"November 28, 1451--As I travel I see more farmland and less pasture, though you'd think with the change of terrain it'd be the other way around. Very pleasant countryside, all the same. Sometimes I feel almost like I've come home, except that I have shrunk. I do find it a bit alarming, on occasion, to see a lovely little village on the horizon, growing as I near it, just like you'd expect, except that it then keeps right on growing till it towers all around me--and then the village still tries to act all homey and cozy-like! Sometimes I feel like I ride in a dream, like none of this can be real.
 
"And then I reach the local inn, and it all gets so familiar that the little differences become all the more disorienting. More and more I see the same faces at the inns--people southbound like I am. They usually pass me by on the road, on account of Billie-Lass's shorter legs, but sooner or later we all wind up together at the next inn every night, anyway. Some of them have begun to grumble about pipeweed selling dear and running short, but they haven't yet learned why."
 
"November 29, 1451--The King's post passed me by today, galloping down the road. Imagine my shock when I saw that the rider was a young and rather scrawny hobbit! And on the biggest horse you ever saw, too! Later at this inn I learned that all the post-riders are hobbits out of Bree, usually younger sons of big families, earning money through a few years hard work to buy themselves a bit of land. And hard work it must be, too, to ride like that! They must change horses frequently; maybe some of the ranches along the way are for them. The masters of the post, they say, prefer our kind because the horses hardly feel a young hobbit's weight at all, and run the faster for it. Bleoboris could not keep up such a pace, surely! Then again, I don't think even a full-sized horse would find his weight negligible. But seeing how swiftly the messengers ride around here does give me hope that I will see another letter from you by the time I reach Gondor--now that you know for certain where to mail it next!"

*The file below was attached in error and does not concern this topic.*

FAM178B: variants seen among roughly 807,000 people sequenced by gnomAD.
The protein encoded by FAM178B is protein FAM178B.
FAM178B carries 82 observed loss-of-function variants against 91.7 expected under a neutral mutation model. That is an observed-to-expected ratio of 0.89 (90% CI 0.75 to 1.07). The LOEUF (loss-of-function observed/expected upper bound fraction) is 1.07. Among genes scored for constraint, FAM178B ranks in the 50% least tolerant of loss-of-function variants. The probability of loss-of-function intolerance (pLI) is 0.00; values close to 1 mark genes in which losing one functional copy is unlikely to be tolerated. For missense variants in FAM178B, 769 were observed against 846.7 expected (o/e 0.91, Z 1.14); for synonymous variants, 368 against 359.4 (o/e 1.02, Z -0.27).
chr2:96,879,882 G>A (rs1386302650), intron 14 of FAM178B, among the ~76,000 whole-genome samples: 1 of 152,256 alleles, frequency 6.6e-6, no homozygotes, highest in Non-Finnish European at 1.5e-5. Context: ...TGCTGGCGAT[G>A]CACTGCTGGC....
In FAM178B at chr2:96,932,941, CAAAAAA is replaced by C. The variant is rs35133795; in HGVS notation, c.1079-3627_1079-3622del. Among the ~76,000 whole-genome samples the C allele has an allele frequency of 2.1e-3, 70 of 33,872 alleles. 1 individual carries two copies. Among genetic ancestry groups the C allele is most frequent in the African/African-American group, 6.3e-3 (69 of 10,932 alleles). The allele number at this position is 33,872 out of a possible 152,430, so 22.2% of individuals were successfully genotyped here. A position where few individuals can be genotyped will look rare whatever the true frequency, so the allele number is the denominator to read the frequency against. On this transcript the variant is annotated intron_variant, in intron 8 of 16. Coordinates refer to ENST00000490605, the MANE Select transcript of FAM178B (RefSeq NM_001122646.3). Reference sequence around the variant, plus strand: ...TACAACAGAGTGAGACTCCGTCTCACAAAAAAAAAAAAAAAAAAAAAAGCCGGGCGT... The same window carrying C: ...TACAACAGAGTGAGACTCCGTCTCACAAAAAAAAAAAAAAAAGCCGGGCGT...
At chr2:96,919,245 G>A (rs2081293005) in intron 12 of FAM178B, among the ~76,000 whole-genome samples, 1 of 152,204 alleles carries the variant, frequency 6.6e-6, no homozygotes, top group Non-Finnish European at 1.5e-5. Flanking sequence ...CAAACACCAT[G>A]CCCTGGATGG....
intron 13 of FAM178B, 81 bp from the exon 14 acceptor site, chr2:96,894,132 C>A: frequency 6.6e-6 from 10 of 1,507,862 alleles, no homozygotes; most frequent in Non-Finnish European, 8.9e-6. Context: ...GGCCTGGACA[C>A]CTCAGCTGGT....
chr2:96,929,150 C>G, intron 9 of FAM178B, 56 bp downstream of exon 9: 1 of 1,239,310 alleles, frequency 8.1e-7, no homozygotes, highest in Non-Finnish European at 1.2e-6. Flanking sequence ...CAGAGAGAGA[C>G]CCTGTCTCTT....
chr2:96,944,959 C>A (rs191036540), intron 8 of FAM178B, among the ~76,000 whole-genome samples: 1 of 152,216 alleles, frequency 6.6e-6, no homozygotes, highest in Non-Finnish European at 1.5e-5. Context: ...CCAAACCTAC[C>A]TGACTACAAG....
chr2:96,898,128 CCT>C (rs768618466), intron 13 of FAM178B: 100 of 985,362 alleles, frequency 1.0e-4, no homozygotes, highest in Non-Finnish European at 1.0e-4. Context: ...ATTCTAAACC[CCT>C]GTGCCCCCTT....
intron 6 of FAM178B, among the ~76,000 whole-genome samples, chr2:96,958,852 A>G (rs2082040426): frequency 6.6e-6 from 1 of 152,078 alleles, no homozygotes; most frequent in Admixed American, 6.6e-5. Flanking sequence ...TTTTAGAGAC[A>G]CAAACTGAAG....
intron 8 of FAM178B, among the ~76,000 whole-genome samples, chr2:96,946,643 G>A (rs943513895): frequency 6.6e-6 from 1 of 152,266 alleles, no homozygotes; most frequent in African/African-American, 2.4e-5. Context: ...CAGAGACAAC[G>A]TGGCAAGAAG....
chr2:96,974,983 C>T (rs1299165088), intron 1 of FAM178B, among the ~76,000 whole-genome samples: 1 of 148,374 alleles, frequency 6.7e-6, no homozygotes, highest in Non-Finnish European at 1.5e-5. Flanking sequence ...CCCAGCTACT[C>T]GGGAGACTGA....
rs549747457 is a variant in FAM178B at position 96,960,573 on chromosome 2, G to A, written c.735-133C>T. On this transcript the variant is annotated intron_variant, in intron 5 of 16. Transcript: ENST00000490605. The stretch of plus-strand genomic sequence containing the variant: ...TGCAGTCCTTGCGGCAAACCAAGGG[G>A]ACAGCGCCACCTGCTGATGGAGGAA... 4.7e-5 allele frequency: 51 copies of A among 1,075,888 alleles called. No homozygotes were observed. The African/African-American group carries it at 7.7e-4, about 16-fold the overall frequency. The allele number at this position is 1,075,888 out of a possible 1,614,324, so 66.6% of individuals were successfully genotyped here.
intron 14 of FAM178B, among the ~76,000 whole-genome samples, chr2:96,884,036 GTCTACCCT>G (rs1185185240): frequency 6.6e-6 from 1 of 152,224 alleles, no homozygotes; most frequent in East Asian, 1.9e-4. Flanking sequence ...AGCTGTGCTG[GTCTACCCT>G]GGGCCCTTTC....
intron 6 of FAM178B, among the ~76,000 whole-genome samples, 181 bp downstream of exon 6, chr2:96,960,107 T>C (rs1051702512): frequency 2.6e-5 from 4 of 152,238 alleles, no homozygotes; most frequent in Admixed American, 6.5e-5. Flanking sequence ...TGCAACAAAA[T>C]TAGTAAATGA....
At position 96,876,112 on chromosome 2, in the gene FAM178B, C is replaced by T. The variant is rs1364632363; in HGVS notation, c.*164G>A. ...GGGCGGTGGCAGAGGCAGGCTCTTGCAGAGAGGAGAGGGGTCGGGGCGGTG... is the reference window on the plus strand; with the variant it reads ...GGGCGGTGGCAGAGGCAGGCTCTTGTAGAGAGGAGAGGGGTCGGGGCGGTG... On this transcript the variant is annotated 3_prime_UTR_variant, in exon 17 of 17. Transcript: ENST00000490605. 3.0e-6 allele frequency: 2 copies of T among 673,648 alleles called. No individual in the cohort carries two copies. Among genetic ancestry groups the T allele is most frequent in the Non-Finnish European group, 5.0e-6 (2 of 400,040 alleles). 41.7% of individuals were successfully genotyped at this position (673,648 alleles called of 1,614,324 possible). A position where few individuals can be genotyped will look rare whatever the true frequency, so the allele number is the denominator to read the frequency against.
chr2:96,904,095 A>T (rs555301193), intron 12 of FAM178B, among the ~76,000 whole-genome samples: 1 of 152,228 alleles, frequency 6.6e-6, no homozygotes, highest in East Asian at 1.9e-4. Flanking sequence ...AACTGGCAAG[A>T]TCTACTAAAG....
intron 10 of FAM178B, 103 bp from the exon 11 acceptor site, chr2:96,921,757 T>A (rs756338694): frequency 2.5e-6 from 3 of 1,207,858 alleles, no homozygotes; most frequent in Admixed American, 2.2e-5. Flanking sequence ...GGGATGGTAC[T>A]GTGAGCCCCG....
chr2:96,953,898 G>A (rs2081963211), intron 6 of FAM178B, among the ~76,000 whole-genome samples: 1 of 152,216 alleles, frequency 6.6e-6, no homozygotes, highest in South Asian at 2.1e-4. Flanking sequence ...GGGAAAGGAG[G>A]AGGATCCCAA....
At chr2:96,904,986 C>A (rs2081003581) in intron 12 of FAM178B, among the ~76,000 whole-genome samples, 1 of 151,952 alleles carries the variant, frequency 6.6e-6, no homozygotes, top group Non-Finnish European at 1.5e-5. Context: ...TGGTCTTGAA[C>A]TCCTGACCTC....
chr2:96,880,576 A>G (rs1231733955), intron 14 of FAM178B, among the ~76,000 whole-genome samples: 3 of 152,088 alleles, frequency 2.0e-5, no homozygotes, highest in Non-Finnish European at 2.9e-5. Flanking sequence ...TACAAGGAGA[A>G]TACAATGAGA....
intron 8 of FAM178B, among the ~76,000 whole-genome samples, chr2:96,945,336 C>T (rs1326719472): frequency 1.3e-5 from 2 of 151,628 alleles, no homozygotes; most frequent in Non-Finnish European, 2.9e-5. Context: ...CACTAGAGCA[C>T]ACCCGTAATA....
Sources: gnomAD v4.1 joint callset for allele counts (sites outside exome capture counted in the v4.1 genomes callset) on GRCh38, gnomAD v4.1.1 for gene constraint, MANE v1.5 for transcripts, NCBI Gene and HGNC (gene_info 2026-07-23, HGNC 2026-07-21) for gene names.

"November 30, 1451–I find that your best bet in these inns is to order the soup of the day. All other traveler's fare becomes tedious and heavy after awhile (human beings must be the boringest cooks alive!) but you never know what you'll get with the soup, except for certain something creative, and usually somehow light and satisfying at the same time, chock full of nourishment and flavor. Besides, it's always the cheapest thing on the menu. True, once in awhile you get something unpalatable; I would just as soon forget the cream of turnip soup I had last night. But I'll gamble on soup any day, for often the cooks serve something scrumptious like the vegetable/mutton stew I'm enjoying even as I write. At any rate, I'd rather have cream of turnip soup, even, than have to cook for myself for awhile."
 
"December 1, 1451–I stopped at an inn made all of granite blocks, because the ground gets stonier as it rises towards the mountains. I found the common-room almost full of a party of northbound dwarves, headed for Aglarond. It saddens me to say that I couldn't find a young one in the lot. I know dwarves have their faults and all, but a world without Durin's folk would lack a certain sparkle, not to mention pride of craft."